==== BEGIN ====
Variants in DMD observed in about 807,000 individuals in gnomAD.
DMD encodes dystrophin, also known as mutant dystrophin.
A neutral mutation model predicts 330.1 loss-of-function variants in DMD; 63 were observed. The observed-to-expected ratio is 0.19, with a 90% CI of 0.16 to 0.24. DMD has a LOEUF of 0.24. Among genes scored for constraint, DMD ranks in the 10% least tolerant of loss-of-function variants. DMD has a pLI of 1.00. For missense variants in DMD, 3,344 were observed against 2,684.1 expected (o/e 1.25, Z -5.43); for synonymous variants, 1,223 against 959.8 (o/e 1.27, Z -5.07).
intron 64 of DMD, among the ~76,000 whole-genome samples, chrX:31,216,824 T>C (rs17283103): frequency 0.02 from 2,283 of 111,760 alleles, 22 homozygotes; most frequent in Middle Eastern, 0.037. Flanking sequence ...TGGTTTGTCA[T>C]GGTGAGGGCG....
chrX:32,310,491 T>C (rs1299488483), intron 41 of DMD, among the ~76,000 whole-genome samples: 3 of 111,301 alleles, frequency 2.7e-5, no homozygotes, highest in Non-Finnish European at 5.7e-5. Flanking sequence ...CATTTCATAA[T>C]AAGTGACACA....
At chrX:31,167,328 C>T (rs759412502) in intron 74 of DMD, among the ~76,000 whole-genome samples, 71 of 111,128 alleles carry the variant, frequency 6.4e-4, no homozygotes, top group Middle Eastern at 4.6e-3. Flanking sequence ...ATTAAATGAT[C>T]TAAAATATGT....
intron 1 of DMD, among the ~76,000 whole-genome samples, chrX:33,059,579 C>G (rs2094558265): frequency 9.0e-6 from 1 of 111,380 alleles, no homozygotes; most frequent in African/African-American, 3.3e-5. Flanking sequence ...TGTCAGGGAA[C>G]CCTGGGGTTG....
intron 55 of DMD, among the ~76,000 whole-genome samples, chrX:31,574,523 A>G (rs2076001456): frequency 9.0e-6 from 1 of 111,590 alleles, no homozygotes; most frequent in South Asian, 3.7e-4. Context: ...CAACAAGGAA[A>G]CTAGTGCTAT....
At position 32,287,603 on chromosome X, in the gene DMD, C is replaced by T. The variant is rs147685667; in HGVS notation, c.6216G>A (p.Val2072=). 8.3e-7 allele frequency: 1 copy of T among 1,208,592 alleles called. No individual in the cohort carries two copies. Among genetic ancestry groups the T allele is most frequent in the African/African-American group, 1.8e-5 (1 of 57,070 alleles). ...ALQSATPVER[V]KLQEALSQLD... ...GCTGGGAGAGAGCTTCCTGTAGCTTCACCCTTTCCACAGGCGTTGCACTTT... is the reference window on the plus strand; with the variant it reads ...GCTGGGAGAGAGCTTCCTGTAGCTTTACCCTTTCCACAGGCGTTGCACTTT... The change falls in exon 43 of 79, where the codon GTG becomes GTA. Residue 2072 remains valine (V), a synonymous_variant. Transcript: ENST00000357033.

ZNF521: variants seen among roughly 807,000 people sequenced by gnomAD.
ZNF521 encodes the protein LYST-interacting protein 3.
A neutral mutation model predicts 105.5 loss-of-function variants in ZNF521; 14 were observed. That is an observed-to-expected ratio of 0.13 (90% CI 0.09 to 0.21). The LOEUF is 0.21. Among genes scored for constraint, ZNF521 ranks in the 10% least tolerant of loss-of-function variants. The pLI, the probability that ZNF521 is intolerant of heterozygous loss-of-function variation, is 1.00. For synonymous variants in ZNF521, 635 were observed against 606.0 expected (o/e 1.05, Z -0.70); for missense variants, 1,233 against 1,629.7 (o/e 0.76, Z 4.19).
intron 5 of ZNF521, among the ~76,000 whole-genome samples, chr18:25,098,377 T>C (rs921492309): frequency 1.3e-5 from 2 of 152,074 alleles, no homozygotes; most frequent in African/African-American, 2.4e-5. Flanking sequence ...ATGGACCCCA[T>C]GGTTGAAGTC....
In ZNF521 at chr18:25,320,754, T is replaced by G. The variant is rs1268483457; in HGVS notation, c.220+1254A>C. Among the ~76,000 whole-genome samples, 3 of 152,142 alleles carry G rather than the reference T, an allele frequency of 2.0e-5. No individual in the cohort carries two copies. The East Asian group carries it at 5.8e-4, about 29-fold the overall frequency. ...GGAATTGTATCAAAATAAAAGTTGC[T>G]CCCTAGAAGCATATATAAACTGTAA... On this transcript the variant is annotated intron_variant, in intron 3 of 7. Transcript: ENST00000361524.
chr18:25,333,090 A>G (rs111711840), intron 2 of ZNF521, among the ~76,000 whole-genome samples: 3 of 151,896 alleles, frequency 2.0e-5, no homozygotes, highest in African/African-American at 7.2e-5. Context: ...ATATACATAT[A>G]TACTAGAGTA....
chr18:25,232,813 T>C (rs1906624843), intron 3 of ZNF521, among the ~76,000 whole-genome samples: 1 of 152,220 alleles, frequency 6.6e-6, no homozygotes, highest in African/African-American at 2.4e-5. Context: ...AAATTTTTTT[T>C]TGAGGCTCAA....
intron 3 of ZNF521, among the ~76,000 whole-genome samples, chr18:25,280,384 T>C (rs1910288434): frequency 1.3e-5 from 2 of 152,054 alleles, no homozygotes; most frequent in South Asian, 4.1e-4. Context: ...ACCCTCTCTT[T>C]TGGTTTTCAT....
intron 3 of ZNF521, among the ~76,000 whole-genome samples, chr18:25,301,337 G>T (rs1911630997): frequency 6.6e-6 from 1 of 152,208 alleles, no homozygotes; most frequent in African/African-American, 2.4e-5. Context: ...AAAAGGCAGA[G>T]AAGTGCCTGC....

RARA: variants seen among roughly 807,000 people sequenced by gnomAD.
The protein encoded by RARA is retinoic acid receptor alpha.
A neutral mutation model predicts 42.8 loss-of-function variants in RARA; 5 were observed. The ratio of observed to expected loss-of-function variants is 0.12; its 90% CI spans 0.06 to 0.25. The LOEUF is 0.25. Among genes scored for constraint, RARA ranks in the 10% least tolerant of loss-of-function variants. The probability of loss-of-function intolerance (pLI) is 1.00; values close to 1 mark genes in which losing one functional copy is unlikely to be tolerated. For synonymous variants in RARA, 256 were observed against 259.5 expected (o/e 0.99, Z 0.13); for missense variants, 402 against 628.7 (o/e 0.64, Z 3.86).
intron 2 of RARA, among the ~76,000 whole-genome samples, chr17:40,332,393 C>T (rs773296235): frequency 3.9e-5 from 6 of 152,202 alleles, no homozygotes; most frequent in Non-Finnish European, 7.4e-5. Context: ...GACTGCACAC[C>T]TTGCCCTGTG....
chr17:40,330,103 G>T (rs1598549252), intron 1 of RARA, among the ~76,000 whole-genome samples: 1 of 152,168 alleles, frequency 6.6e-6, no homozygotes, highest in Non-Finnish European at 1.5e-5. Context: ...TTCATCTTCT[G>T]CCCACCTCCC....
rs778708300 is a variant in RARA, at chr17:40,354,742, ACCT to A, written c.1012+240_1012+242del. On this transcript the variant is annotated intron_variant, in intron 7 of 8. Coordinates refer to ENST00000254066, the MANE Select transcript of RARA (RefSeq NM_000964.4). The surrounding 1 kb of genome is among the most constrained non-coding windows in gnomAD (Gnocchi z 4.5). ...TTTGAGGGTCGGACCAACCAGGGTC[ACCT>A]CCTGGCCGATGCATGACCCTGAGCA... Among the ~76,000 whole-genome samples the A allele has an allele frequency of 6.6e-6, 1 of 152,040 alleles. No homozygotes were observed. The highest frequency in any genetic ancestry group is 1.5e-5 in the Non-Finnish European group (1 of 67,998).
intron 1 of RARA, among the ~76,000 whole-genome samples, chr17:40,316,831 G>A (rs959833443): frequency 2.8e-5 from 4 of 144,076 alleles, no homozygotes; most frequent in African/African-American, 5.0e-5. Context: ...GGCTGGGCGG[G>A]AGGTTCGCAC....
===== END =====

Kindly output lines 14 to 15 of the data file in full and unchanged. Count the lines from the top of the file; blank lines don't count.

In ZNF521 at chr18:25,320,754, T is replaced by G. The variant is rs1268483457; in HGVS notation, c.220+1254A>C. Among the ~76,000 whole-genome samples, 3 of 152,142 alleles carry G rather than the reference T, an allele frequency of 2.0e-5. No individual in the cohort carries two copies. The East Asian group carries it at 5.8e-4, about 29-fold the overall frequency. ...GGAATTGTATCAAAATAAAAGTTGC[T>G]CCCTAGAAGCATATATAAACTGTAA... On this transcript the variant is annotated intron_variant, in intron 3 of 7. Transcript: ENST00000361524.
chr18:25,333,090 A>G (rs111711840), intron 2 of ZNF521, among the ~76,000 whole-genome samples: 3 of 151,896 alleles, frequency 2.0e-5, no homozygotes, highest in African/African-American at 7.2e-5. Context: ...ATATACATAT[A>G]TACTAGAGTA....